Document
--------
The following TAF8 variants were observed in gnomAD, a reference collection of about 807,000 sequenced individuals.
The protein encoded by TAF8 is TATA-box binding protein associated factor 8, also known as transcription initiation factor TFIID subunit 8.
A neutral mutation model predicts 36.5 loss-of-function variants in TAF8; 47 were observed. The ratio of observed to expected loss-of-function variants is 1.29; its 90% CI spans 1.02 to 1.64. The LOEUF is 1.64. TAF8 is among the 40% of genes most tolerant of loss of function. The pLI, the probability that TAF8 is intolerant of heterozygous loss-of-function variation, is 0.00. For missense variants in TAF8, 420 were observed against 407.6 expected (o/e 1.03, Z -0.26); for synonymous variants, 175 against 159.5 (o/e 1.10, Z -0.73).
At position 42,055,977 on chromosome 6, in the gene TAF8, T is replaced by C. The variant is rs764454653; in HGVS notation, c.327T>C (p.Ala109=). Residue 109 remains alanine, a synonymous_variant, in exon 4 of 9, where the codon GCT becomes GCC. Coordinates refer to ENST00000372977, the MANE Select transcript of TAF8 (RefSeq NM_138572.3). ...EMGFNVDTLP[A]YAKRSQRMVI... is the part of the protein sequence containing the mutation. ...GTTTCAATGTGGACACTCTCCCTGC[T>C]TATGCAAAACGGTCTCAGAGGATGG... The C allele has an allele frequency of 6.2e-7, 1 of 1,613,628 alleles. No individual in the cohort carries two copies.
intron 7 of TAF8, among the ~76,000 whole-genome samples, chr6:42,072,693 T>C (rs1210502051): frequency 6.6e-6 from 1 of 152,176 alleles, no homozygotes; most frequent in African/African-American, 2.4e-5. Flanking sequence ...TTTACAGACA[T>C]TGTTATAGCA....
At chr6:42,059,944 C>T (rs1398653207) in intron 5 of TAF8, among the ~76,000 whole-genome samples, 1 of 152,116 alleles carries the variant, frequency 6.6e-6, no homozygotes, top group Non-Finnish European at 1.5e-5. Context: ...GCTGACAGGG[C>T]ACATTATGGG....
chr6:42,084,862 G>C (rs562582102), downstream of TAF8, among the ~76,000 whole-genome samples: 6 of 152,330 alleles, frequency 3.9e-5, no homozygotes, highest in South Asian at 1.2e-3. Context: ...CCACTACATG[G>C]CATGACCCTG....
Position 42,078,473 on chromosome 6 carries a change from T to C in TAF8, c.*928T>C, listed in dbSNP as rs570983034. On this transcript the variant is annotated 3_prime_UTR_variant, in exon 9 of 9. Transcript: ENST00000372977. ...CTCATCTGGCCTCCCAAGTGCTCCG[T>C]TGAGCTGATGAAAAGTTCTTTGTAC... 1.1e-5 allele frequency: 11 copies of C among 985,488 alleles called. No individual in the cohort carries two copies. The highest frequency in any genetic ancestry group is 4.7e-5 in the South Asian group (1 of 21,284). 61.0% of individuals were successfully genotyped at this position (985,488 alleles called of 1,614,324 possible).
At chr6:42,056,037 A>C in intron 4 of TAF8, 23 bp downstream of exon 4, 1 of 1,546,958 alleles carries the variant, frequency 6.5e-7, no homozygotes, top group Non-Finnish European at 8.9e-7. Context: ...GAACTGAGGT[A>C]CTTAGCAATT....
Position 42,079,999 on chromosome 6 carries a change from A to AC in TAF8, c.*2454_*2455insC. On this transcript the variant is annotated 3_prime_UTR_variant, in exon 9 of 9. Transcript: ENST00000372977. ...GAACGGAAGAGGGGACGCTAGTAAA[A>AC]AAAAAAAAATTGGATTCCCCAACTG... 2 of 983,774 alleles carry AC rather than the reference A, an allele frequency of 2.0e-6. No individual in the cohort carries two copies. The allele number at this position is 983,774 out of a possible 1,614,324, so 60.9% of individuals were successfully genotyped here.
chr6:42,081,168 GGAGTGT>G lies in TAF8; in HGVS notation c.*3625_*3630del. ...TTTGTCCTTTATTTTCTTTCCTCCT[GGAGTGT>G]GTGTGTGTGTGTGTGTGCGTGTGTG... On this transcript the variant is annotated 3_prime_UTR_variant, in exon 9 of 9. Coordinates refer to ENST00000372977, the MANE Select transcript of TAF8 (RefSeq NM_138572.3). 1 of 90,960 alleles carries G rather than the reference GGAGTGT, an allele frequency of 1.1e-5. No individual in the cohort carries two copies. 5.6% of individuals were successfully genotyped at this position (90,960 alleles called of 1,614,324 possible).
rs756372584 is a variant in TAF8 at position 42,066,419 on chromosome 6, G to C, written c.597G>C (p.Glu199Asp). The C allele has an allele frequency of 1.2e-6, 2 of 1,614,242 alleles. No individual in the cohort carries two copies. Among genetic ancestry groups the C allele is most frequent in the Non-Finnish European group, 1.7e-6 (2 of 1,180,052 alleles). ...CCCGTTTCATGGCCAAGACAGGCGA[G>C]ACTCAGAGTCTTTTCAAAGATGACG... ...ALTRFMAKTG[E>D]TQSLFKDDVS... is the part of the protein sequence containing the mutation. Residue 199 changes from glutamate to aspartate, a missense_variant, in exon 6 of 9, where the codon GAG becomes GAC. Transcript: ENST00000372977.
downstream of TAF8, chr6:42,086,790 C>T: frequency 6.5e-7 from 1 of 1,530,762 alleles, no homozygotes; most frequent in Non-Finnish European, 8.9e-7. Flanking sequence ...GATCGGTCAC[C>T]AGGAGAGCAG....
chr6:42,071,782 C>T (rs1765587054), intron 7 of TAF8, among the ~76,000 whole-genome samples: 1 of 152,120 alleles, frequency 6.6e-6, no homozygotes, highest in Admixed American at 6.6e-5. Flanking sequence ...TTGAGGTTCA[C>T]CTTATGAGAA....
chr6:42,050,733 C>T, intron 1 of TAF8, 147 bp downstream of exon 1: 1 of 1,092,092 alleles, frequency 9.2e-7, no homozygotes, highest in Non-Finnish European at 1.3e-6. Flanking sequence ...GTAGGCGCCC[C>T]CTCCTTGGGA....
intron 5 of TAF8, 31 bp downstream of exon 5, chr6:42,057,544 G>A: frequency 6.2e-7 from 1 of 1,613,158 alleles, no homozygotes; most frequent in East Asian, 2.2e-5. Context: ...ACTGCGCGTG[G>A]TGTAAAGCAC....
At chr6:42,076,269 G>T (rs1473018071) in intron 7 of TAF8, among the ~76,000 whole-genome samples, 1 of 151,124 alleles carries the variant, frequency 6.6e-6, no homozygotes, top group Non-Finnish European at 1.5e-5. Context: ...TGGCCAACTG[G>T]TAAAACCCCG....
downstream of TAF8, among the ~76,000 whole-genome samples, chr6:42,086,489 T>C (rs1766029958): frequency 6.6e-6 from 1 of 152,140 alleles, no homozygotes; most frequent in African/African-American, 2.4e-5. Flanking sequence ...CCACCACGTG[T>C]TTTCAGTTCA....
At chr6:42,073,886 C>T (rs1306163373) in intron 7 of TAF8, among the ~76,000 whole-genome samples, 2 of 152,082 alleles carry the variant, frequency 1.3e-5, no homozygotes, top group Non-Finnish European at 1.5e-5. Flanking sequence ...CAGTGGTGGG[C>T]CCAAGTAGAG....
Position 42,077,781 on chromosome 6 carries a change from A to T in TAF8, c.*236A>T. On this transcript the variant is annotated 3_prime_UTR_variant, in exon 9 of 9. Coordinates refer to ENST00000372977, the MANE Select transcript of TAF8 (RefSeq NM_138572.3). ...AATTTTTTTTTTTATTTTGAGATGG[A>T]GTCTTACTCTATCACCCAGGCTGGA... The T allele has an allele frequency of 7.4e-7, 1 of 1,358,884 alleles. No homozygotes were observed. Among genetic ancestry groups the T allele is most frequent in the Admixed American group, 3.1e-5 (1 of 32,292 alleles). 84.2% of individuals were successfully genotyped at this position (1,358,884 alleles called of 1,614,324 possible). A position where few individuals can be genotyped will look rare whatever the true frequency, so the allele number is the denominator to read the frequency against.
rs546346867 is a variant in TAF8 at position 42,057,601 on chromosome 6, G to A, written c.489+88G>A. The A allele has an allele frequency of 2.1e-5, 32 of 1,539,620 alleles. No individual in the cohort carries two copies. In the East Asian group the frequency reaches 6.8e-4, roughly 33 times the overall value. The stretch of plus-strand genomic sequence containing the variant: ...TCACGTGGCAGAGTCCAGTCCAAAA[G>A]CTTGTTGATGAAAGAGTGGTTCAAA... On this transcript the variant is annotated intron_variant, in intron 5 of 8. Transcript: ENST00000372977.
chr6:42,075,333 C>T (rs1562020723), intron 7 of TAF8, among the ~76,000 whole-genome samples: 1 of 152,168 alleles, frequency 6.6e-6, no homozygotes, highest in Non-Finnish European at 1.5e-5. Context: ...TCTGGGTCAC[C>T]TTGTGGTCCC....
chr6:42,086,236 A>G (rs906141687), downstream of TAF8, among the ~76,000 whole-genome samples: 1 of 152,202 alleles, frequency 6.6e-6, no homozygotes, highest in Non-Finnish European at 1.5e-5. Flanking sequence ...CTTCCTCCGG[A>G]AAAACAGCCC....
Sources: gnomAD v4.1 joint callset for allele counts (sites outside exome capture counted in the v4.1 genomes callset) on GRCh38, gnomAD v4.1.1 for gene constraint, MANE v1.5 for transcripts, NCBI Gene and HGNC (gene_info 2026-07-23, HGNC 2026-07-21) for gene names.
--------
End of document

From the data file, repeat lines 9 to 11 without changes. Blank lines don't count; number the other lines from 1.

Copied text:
At chr6:42,056,037 A>C in intron 4 of TAF8, 23 bp downstream of exon 4, 1 of 1,546,958 alleles carries the variant, frequency 6.5e-7, no homozygotes, top group Non-Finnish European at 8.9e-7. Context: ...GAACTGAGGT[A>C]CTTAGCAATT....
Position 42,079,999 on chromosome 6 carries a change from A to AC in TAF8, c.*2454_*2455insC. On this transcript the variant is annotated 3_prime_UTR_variant, in exon 9 of 9. Transcript: ENST00000372977. ...GAACGGAAGAGGGGACGCTAGTAAA[A>AC]AAAAAAAAATTGGATTCCCCAACTG... 2 of 983,774 alleles carry AC rather than the reference A, an allele frequency of 2.0e-6. No individual in the cohort carries two copies. The allele number at this position is 983,774 out of a possible 1,614,324, so 60.9% of individuals were successfully genotyped here.
chr6:42,081,168 GGAGTGT>G lies in TAF8; in HGVS notation c.*3625_*3630del. ...TTTGTCCTTTATTTTCTTTCCTCCT[GGAGTGT>G]GTGTGTGTGTGTGTGTGCGTGTGTG... On this transcript the variant is annotated 3_prime_UTR_variant, in exon 9 of 9. Coordinates refer to ENST00000372977, the MANE Select transcript of TAF8 (RefSeq NM_138572.3). 1 of 90,960 alleles carries G rather than the reference GGAGTGT, an allele frequency of 1.1e-5. No individual in the cohort carries two copies. 5.6% of individuals were successfully genotyped at this position (90,960 alleles called of 1,614,324 possible).